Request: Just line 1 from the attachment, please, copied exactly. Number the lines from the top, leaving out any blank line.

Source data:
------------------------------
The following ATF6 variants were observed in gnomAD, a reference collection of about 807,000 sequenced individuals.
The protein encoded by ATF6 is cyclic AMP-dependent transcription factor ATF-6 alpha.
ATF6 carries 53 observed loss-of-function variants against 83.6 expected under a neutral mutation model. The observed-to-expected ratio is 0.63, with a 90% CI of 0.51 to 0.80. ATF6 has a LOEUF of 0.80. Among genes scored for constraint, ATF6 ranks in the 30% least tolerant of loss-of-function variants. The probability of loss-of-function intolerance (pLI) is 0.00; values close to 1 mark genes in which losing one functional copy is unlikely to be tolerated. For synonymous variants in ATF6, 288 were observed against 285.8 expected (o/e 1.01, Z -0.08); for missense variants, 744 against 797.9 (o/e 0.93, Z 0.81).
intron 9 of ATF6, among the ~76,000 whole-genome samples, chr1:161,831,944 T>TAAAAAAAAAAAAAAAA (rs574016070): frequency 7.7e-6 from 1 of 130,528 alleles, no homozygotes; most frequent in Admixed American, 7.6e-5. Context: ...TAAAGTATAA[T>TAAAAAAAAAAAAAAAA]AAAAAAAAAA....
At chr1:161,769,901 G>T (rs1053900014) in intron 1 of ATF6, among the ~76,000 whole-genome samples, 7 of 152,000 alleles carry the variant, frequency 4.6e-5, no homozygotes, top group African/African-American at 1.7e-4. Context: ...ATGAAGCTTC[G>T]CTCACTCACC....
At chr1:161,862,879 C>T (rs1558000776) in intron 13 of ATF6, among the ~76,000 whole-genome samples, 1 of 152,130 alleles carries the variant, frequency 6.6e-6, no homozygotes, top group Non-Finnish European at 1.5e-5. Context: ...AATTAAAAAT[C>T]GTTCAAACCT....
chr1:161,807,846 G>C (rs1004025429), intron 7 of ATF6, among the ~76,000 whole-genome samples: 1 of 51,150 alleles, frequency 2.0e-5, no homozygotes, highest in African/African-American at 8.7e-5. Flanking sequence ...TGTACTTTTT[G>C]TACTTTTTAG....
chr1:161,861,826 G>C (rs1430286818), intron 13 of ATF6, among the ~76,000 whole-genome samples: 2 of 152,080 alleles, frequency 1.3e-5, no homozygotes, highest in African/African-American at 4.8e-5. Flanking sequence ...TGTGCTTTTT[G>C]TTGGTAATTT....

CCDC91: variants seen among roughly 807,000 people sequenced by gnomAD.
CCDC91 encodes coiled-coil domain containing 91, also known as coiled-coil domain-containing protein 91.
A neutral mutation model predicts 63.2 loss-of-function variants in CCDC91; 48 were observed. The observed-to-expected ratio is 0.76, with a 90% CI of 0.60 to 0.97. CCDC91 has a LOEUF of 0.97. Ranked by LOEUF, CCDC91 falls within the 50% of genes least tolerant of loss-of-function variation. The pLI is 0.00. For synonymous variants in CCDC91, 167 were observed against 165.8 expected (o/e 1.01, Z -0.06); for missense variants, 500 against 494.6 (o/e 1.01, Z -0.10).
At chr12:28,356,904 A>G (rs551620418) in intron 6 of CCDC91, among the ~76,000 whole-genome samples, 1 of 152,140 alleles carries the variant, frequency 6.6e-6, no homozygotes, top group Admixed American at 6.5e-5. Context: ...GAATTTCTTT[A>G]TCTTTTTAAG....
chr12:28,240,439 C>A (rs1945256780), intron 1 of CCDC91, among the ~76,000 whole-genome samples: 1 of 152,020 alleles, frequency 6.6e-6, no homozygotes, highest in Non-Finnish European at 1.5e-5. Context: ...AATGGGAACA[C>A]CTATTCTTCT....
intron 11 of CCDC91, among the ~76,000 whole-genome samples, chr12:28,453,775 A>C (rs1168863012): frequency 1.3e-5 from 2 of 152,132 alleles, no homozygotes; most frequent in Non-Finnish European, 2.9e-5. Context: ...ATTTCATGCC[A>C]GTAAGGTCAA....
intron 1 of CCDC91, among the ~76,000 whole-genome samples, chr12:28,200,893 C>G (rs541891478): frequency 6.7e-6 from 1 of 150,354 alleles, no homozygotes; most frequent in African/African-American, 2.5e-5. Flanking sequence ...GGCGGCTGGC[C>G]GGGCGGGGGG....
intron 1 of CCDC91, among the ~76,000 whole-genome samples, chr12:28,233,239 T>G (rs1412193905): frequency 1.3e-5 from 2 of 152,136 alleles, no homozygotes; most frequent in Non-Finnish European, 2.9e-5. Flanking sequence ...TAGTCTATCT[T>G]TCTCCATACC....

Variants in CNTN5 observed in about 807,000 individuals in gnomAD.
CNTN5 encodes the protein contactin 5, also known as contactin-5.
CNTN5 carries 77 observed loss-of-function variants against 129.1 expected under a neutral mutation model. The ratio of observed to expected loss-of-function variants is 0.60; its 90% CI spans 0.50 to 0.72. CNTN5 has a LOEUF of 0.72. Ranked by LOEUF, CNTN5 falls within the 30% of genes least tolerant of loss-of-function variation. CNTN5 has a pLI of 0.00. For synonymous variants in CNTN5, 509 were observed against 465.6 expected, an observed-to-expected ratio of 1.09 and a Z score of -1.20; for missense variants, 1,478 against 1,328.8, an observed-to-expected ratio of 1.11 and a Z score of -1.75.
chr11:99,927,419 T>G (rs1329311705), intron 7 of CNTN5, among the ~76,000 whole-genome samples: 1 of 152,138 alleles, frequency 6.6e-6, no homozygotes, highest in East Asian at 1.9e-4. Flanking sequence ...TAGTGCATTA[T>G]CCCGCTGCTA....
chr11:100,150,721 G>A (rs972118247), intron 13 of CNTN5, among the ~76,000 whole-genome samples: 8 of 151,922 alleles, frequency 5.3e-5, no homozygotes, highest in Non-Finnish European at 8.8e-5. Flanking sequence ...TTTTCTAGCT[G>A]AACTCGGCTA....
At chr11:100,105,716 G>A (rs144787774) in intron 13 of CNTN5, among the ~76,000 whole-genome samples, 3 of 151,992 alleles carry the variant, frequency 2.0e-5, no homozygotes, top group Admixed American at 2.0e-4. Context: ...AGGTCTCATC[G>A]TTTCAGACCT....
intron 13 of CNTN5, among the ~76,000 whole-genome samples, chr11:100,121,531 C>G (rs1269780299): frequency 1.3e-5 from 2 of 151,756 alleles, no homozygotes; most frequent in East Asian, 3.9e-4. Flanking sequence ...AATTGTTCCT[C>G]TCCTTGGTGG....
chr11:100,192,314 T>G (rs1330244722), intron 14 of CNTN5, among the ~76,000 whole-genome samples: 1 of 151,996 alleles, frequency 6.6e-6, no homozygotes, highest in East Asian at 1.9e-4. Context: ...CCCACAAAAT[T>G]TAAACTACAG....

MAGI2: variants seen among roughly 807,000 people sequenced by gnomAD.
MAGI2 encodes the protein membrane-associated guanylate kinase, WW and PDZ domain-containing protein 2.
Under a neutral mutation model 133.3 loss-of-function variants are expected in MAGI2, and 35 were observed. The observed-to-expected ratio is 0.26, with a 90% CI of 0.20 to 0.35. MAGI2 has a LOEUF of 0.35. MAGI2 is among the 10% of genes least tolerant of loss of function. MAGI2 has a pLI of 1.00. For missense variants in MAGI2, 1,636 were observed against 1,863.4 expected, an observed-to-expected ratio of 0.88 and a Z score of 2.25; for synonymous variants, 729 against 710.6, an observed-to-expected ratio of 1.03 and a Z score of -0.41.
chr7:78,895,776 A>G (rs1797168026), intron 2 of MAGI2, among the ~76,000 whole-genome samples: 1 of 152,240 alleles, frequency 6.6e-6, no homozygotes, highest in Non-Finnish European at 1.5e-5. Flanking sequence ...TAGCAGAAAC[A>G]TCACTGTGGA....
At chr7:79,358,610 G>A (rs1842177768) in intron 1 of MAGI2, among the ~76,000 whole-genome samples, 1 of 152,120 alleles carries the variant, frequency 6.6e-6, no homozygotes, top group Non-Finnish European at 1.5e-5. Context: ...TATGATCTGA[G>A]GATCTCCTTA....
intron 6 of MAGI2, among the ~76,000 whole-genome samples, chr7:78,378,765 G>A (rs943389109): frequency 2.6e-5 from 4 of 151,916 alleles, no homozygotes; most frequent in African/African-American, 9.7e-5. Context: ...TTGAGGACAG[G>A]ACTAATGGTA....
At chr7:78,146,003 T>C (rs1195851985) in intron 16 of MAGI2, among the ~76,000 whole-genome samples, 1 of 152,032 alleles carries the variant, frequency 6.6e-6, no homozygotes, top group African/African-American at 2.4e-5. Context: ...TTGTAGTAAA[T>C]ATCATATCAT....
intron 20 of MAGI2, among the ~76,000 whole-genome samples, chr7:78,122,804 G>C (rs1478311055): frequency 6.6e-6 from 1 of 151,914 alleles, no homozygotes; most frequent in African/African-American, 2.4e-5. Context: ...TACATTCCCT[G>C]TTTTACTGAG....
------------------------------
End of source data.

The following ATF6 variants were observed in gnomAD, a reference collection of about 807,000 sequenced individuals.